In The Times this morning: putting the record straight

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An interview with me gets headline rating in the Times (paywall) this morning:

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Predictably that was not what I said, of course. But much of this is accurate, even if the spin on it is not:

A new wealth tax should be levied on the assets of the rich as part of a campaign to make the well-off pay their fair share, Jeremy Corbyn’s economic guru has said.

Richard Murphy, who has been credited with creating the “Corbynomics” behind the left-wing MP’s Labour leadership challenge, also said that big companies should be hit by a 5 per cent rise in corporation tax and banks should have to pay as much as 30 per cent.

That's stuff that is in The Joy of Tax (forthcoming) and is consistent with what I have said for a long time: no one should be surprised.

The Times added:

Mr Murphy, an accountant and tax campaigner who has provided Mr Corbyn with his main economic ideas, said that the Islington North MP’s surprise success in the leadership race may indicate that the Thatcher era was drawing to a close.

His comments come after Mr Corbyn described a wealth tax, levied against a person’s entire assets, as a “prospect worth doing”. He has also said that he believed that many of the well-off would be “quite happy to pay more tax”. While a wealth tax is not officially part of Mr Corbyn’s economic plan, one of his aides said that he listened carefully to any proposals Mr Murphy championed.

And:

Mr Murphy, who made clear that he was not speaking for the MP, warned that the City had become a “state within the state” that had held power over politicians for a thousand years. He said that there should be tougher criminal penalties for bankers who were caught breaking the rules, adding that as much as £20 billion could be raised from a transaction tax on high-frequency trading.

They also noted that I said:

“[Mr Corbyn] knows full well I have worked with other politicians and other parties.”

He said that the idea of a wealth tax had been made possible in the past five years by new tax transparency rules making it hard for UK citizens to hide their assets.

At least the first £1 million of someone’s wealth should be discounted from the tax, as well as pension pots, he said.

“Do I think it’s desirable? Yes, I do. “[A wealth tax] has to be 1 per cent or less . . . I wouldn’t necessarily exclude private companies and private shares. I don’t see why companies don’t become of public concern.”

Mr Murphy said that threats by the very wealthy to leave the country to avoid taxes they did not like never materialised.

Corporation tax should be set 10 per cent higher for banks, meaning that they would pay a 30 per cent rate, he added. “The licence we give them to run a bank literally lets them print money and yet we have not asked for an exceptional rate of tax as a result.” Big businesses should be 25 per cent, he said.

The rest is, I am afraid behind the paywall.

But let me be clear why I say this, because that's what is important and did not get noted, although in a 90 minute interview it was explained.

First, there is a pressing need to reduce inequality in the UK. The IMF and OECD agree: this is a massive issue for our times. We have to ensure that the barriers that the current distribution of income and wealth create are reduced if all are to have opportunity in this country. And we also have to break these barriers down because so much wealth is held by a few and they tend not to invest for productive purposes and nor do they take risk: their choices are defensive to preserve their position and the result is that the UK's entrepreneurial economy is losing out badly as a result for lack of capital. Only by redistribution can the spirit of enterprise, backed by sufficient capital, be really set free in the UK.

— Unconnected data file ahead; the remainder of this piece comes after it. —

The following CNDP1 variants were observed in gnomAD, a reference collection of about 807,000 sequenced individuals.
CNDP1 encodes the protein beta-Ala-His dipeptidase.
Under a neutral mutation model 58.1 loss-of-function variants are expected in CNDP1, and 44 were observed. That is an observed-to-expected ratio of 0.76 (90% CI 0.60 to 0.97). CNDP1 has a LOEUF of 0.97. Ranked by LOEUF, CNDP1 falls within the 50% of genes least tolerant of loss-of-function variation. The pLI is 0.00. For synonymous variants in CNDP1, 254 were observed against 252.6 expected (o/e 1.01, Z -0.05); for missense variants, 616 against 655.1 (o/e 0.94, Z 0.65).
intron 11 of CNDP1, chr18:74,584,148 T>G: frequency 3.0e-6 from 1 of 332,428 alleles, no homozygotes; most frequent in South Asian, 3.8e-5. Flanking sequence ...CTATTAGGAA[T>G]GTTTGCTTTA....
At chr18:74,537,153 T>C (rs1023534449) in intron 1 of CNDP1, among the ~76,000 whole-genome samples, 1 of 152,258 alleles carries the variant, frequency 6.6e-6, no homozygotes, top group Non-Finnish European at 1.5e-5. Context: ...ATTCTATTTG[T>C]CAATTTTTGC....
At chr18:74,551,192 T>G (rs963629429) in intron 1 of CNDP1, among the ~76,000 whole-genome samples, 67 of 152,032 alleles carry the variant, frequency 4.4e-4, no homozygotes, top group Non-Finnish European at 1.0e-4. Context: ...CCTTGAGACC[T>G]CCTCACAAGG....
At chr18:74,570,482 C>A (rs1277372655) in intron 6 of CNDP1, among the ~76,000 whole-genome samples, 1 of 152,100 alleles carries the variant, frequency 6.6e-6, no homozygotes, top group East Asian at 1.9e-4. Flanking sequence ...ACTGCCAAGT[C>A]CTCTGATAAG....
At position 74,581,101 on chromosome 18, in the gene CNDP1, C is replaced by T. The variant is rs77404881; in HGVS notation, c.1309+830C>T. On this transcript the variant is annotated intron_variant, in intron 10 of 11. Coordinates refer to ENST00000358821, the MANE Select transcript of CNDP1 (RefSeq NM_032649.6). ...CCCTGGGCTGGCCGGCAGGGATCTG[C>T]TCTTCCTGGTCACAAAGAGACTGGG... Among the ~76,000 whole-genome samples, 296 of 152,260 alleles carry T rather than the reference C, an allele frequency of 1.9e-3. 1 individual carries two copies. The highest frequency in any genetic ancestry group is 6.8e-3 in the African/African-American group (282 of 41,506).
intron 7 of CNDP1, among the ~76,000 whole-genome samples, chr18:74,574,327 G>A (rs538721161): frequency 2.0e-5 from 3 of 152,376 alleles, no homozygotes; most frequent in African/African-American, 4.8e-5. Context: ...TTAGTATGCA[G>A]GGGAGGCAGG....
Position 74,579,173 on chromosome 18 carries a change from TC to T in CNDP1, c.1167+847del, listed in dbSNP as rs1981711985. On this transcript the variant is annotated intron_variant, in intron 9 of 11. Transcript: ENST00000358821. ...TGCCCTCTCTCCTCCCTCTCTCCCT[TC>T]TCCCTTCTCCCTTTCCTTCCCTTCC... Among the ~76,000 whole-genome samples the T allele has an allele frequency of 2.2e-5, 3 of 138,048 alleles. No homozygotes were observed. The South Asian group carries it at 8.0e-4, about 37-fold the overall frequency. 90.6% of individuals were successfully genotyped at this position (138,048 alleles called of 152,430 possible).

As for companies: note I said large companies and I referred also to banks. I have suggested that George Osborne is going to give a £27.8 billion tax break to big business over the next five years. I cannot see that paying any return to the UK at all. UK big business does not need tax breaks to invest: it is already sitting on piles of cash and has access to very cheap money, but has for more than a decade in net terms hardly borrowed at all. The real problem of the UK large corporate sector is it won't invest or can't think of anything to invest in. In that case it needs to pay tax to make sure that investment can be funded in other ways.

And as for banks there are good reasons why they should pay more in tax, and George Osborne is recognising this, so it is hardly radical to say so. First it is because they get massive state subsidies e.g. in the form of deposit guarantees for those who save with them. Second, it is because we quite literally give them a licence to print money from which they make large fortunes. And third, it is to recoup the gains the made from conventional QE whilst a financial transaction tax is all about making sure we reduce risk in the City. We just about afforded one bail out: we do not want to go there again.

So this plan is not about hitting the rich: that's a silly and inaccurate headline. This is a plan to reduce risk, to balance tax contributions, to release funds for investment, to ensure that all get access to opportunity and to encourage the desire of the UK business sector to innovate and to create real wealth. I think 99% of the people in the country will get that.